Code-behind in InfoPath 2010 continues to use Visual Studio Tools for Applications (VSTA), which does not provide built-in source control capability. This makes multi-developer code-behind in InfoPath difficult because developers must choose between two compromised situations. Either they work on code that is stored by InfoPath in the same file location (which significantly limits the ability of more than one team member to work on a solution) or they follow the workaround that Philip Newman and Christopher Brotsos describe in the Microsoft InfoPath team blog article “Using TFS for Source Control in InfoPath 2010."
Although the workaround described in the blog is clever, it still requires a fair amount of local workstation configuration—including exporting the XSN from InfoPath Designer, manually removing the read-only attribute flag from the files in the XSN, and making sure that all developers map their local workspace to an identical absolute path on their file systems. This last dependency is a direct result of having to rely on absolute paths in the InfoPath configuration settings.
Another option is to stay away from InfoPath code-behind whenever possible and to do what you can by using the rules engine that is built into the interface. I first heard this advice from a well-known and well-respected SharePoint developer when I first faced the frustrating multi-developer code-behind experience in InfoPath 2010. Initially, I thought this was a cop-out. But after having to work with InfoPath 2010 extensively on my team’s current project, I consider this good advice. Sure, there are times when you won’t be able to avoid using InfoPath 2010 code-behind. But keep in mind that on a professional, multi-developer software project, you will face code maintenance and code promotion challenges with InfoPath 2010.
If you are fortunate enough not to require InfoPath code-behind to meet your user’s requirements, but you have to promote your InfoPath forms from one environment to the next (i.e., from a development farm to a test farm), you’ll be faced with deployment challenges. The InfoPath 2010 Quick Publish feature is a significant improvement over the InfoPath 2007 publishing experience. In this improved model, you can publish forms to the Item folder below an InfoPath-enabled SharePoint list. Unfortunately, there’s no way in InfoPath Designer to change the publish location of the form. The Manifest.xsf file in the InfoPath form XSN package uses absolute URLs for the list deployment location for the form (.xsn file) and for form services. Listing 2 shows what this looks like.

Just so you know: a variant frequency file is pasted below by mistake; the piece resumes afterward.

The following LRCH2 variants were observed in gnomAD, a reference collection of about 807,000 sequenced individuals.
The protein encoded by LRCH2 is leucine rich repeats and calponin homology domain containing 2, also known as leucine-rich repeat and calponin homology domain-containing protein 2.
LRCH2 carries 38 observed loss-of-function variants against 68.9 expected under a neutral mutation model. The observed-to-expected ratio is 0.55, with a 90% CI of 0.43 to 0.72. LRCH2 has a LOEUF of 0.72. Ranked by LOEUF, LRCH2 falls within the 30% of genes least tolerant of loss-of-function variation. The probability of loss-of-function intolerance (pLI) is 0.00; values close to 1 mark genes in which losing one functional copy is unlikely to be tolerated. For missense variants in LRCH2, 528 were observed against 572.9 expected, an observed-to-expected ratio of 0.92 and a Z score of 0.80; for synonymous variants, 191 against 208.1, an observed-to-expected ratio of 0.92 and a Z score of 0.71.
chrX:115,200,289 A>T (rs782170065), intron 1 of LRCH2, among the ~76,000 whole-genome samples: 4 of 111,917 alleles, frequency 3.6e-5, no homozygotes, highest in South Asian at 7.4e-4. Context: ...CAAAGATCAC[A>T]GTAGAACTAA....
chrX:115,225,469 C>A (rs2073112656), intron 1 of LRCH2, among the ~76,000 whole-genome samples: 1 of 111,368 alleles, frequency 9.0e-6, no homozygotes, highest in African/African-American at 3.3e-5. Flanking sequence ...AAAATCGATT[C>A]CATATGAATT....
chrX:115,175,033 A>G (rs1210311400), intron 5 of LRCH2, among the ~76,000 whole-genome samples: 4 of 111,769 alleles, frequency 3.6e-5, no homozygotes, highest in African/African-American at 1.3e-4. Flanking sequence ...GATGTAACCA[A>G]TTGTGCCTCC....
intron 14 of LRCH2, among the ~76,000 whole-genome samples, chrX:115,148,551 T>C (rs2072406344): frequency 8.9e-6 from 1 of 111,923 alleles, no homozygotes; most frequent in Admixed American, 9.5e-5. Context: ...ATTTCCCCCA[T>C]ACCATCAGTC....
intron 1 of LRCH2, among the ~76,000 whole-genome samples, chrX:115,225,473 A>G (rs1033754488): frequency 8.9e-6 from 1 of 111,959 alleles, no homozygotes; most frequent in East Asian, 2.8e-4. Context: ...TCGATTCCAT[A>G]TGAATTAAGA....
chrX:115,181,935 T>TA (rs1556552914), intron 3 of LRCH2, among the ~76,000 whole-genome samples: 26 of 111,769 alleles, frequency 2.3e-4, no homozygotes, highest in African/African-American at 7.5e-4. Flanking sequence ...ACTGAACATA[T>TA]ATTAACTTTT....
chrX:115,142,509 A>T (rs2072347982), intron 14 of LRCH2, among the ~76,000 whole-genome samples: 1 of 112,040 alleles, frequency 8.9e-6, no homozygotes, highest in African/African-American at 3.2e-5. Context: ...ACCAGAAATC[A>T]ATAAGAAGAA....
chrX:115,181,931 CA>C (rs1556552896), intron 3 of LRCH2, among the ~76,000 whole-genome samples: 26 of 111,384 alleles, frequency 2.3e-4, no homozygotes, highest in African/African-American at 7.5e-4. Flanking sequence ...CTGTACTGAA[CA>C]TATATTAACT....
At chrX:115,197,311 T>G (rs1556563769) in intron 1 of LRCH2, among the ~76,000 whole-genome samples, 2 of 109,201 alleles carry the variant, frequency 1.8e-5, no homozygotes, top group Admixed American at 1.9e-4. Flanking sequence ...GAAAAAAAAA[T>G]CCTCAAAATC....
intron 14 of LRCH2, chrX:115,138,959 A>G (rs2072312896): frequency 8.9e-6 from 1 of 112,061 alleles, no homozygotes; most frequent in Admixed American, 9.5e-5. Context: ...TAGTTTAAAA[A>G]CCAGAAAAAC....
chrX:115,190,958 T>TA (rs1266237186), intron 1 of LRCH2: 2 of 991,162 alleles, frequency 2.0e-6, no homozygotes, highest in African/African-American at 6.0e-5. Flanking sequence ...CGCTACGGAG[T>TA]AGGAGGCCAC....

Assume that an InfoPath-enabled external list named Orders exists in a Customers site collection in each of your farm environments (DEV, QA, and PROD). In order to deploy your form that was created in development to the other two environments, you must unpack the XSN and update the manifest.xsf file before you publish the form anywhere else but in development. Because Microsoft doesn’t provide any tooling for this, Tomek Stojecki and I described how to automate and deploy these updates by using PowerShell in “Speeding InfoPath 2010 Custom Form Deployment to External Lists."
Encouragement at the Core
SharePoint Foundation, unlike many of the tools and technologies that sit on top of it, is better designed for a professional development life cycle. It’s the core product that provides the framework for solution deployment and retraction and for feature activation and deactivation. Relative URLs are supported in other locations. For example, the URL property of the ListInstance element in an elements.xml file is associated with a list instance that you create.
Perhaps a good approach for the next version of SharePoint would be for the SharePoint Foundation team to verify that other Microsoft teams that are writing software to sit on top of SharePoint do two things: consider the professional development life cycle and stop relying on absolute URLs and file paths.
A Strategic Choice
One of the shortcomings of SharePoint is that it forces the professional developer to spend a lot of time and energy on reconfiguration and deployment. We’ve discussed only the deployment and configuration challenges that you might face by using two useful technologies in SharePoint Server 2010, in SQL Server 2008 R2 Reporting Services in SharePoint Integrated Mode, and in InfoPath 2010. But there are plenty of other examples.
Until Microsoft resolves these issues, you can employ other strategies. Determine whether there’s a way to facilitate code promotion through configuration. Try to avoid using SharePoint features that are not designed for a professional development life cycle. And for those times when you have no other choice, PowerShell is a good scripting platform that can help you overcome these challenges.
Listing 1: Modifying the DataSourceReference element in PowerShell
$xml = New-Object XML # load the report file to be updated $xml.Load("d:\bin\original.rdl") # change the element to a different value $xml.Report.DataSources.DataSource.DataSourceReference = "https://qc.contoso.com/sites/Customers/DataConnections/rsconnect.rsds" # save the report file with a new name $xml.Save("d:\bin\new.rdl")
Listing 2: Snippet of an InfoPath 2010 Manifest.xsf showing absolute URLs